Question: What official process is still more capricious than a state-bar prosecution? Answer: A bar character and fitness evaluation in the State of Ohio. The Ohio bar denied Hassan Jonathan Griffin’s application because he couldn’t formulate a plan to discharge his $200,000 debt, incurred to finance his education. In California, the vague and open-ended character-and-fitness criteria threaten applicants' due process rights. (See for example, Hightower v. State Bar (1983) 34 Cal.3d 150) But Ohio proves that specificity is no automatic remedy. Ohio law expressly includes a candidate's financial mismanagement as ground for disapproval. (Ohio Gov.Bar R. I(11)(D)(3).) Griffin isn't the first case of the Ohio bar serving as a collection agency. In re Application of Manayan (2004) 102 Ohio St. 3d 109, the candidate's tax arrears contributed to denial. (See also another Ohio tax arrears case, In re Application of Carr-Williams (1992), 63 Ohio St.3d 752.) Ohio is serious about attorneys' personal finances. (In re Application of Dickens (2005) 106 Ohio St.3d 128 [financial responsibility is “critically important for lawyers”]; In re Application of Manayan (2004) 102 Ohio St. 3d 109 [“we expect applicants for admission to the Ohio bar and bar members to scrupulously honor all financial commitments”].)
The state-bar courts may be the only venue where Ohio courts pretend indebtedness creates an "obligation." Outside the bar courts, Ohio judges follow the contemporary attitude toward breach of contract. Like all U.S. jurisdictions but with more fanfare, the Ohio courts refuse to treat breach of contract as a morally offensive disregard for obligations: they refuse punitive damages to express moral opprobrium for contract breach. Ohio courts can be heard to quote Justice Oliver Wendell Holmes, Jr., that “[t]he duty to keep a contract at common law means a prediction that you must pay damages if you do not keep it--and nothing else." (Holmes, The Path of the Law (1897) 10 Harv.L.Rev. 457, 462.) Non-performance of a business contract doesn't create a moral obligation, and repayment of debt is a contractual performance like any other. A loan is one variety of business deal, and like other varieties, it creates no moral obligation to perform.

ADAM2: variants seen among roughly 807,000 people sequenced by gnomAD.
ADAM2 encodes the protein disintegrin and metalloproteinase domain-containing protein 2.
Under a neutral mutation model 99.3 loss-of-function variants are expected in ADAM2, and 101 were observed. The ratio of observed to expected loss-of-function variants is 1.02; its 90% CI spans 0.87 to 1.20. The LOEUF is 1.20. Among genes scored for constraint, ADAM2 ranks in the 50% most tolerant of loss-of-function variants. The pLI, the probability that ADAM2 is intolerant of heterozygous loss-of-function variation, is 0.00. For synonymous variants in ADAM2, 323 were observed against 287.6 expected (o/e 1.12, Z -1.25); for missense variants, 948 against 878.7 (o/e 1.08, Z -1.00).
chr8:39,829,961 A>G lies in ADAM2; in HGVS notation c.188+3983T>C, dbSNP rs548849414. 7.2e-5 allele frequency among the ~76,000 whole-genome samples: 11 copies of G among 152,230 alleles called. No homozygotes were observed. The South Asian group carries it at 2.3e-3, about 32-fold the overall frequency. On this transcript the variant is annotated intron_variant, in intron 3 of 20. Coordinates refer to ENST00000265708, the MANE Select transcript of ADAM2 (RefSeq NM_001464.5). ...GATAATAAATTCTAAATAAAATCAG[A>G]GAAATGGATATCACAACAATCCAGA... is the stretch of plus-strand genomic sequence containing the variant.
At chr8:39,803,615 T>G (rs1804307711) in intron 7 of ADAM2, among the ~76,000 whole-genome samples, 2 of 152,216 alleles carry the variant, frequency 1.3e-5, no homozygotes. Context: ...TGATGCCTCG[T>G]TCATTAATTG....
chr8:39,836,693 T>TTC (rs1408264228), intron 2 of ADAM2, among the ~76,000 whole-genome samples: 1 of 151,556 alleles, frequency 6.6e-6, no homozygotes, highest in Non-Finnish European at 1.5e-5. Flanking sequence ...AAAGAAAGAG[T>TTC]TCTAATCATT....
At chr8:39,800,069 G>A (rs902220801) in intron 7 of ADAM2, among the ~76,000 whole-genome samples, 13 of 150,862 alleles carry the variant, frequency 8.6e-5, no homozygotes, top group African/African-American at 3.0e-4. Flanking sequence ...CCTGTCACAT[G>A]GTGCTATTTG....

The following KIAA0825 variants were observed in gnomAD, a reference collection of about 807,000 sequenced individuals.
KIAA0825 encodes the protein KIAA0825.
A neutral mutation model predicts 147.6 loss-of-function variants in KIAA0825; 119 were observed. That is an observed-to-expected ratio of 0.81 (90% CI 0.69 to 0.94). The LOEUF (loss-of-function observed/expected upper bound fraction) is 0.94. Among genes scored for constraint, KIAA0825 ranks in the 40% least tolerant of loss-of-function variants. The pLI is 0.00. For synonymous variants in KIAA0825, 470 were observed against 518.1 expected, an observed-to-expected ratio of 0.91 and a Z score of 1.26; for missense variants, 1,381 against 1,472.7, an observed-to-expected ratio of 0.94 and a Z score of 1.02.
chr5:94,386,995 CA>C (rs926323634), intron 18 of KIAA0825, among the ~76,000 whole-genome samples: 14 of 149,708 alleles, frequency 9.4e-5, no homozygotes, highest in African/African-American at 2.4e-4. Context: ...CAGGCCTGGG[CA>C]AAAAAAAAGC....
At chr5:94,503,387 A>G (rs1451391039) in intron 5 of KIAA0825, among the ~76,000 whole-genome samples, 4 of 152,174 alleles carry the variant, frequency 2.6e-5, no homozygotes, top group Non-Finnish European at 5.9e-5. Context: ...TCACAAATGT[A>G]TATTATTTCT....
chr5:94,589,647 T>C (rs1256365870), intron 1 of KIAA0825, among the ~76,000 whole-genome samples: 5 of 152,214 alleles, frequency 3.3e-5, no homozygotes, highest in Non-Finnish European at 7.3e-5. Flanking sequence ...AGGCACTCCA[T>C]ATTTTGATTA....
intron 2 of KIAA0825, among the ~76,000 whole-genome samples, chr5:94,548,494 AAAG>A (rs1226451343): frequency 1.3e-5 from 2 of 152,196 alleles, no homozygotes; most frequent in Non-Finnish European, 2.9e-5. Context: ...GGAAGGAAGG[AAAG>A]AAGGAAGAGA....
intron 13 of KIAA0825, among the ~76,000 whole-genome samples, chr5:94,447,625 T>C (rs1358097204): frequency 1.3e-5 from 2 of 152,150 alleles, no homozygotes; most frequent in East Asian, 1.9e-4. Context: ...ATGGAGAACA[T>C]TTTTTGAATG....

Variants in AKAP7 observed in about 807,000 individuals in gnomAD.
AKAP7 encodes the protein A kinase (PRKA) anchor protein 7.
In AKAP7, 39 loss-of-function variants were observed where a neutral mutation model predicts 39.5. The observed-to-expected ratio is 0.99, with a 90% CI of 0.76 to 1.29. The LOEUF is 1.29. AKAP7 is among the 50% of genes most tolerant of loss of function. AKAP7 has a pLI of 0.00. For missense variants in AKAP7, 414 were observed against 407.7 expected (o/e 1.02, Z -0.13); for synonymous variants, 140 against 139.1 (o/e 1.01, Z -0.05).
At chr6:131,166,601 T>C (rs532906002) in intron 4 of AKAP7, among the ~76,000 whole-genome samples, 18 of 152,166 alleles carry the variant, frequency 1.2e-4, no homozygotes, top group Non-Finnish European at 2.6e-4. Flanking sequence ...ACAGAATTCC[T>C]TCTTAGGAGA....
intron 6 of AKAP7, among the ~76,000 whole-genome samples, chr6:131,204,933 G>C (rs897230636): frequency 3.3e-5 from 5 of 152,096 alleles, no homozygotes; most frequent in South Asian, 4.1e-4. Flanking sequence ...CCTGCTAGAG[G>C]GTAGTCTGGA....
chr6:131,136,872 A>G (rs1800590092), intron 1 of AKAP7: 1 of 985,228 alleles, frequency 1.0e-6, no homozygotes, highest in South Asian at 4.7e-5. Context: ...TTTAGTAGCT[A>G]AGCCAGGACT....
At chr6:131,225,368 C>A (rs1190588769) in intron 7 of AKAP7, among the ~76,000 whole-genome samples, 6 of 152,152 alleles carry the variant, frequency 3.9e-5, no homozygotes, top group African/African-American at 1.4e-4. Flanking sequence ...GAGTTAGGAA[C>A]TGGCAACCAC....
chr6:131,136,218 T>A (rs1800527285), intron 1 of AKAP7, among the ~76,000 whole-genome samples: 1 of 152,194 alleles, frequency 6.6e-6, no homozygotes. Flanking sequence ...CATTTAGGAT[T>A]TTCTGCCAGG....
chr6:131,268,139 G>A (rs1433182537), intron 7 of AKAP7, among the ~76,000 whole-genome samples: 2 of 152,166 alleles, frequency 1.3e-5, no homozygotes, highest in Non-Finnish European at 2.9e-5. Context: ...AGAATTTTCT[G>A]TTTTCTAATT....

Also, those rare jurists favoring punitive damages for bad-faith repudiation of a contract would refuse to create a moral obligation from Griffin’s indebtedness. (See for example, Seaman's Direct Buying Service, Inc. v. Standard Oil Co. (1984) 36 Cal.3d 752, 774 - 784 [Bird, J., dissenting and concurring].) These morally nuanced judges advocate evaluating the parties' expectations as influenced by the social mores governing the same and similar transactions, and the Ohio Supreme Court considered neither. It ignored the student loans burdening many young lawyers, who have no idea how to repay. It also ignored how the bank bailouts affected our ethical sensibilities. After banks incurred an unsustainable debt with no plan for repayment, no prosecutions or even ignominy followed. Not just the banks. American government indebtedness has shifted ethical sensibilities concerning repaying loans. Having a huge debt with no idea of how to repay it accurately describes today's U.S. government.
Even where the breach is in bad faith, Ohio law, like the laws of all U.S. jurisdictions, doesn't punish—only compensates—breach of contract. Like all U.S. states except a couple (including California), Ohio consistently took this stance long before the sea change in American ethical sensibilities. Griffin’s breach of his student loan agreement, an ordinary business contract, doesn't need sophisticated justification: Griffin was unable to pay his student loan for the best of reasons. A contract, as Justice Holmes held, is only a prediction; who can blame Griffin for failing to predict the near collapse of the U.S. economy, when few economists succeeded. Bad luck, not just for him but also his creditors, who gambled on a better business outlook.
Next Installment. Should all lawyers be narrow-minded moralists?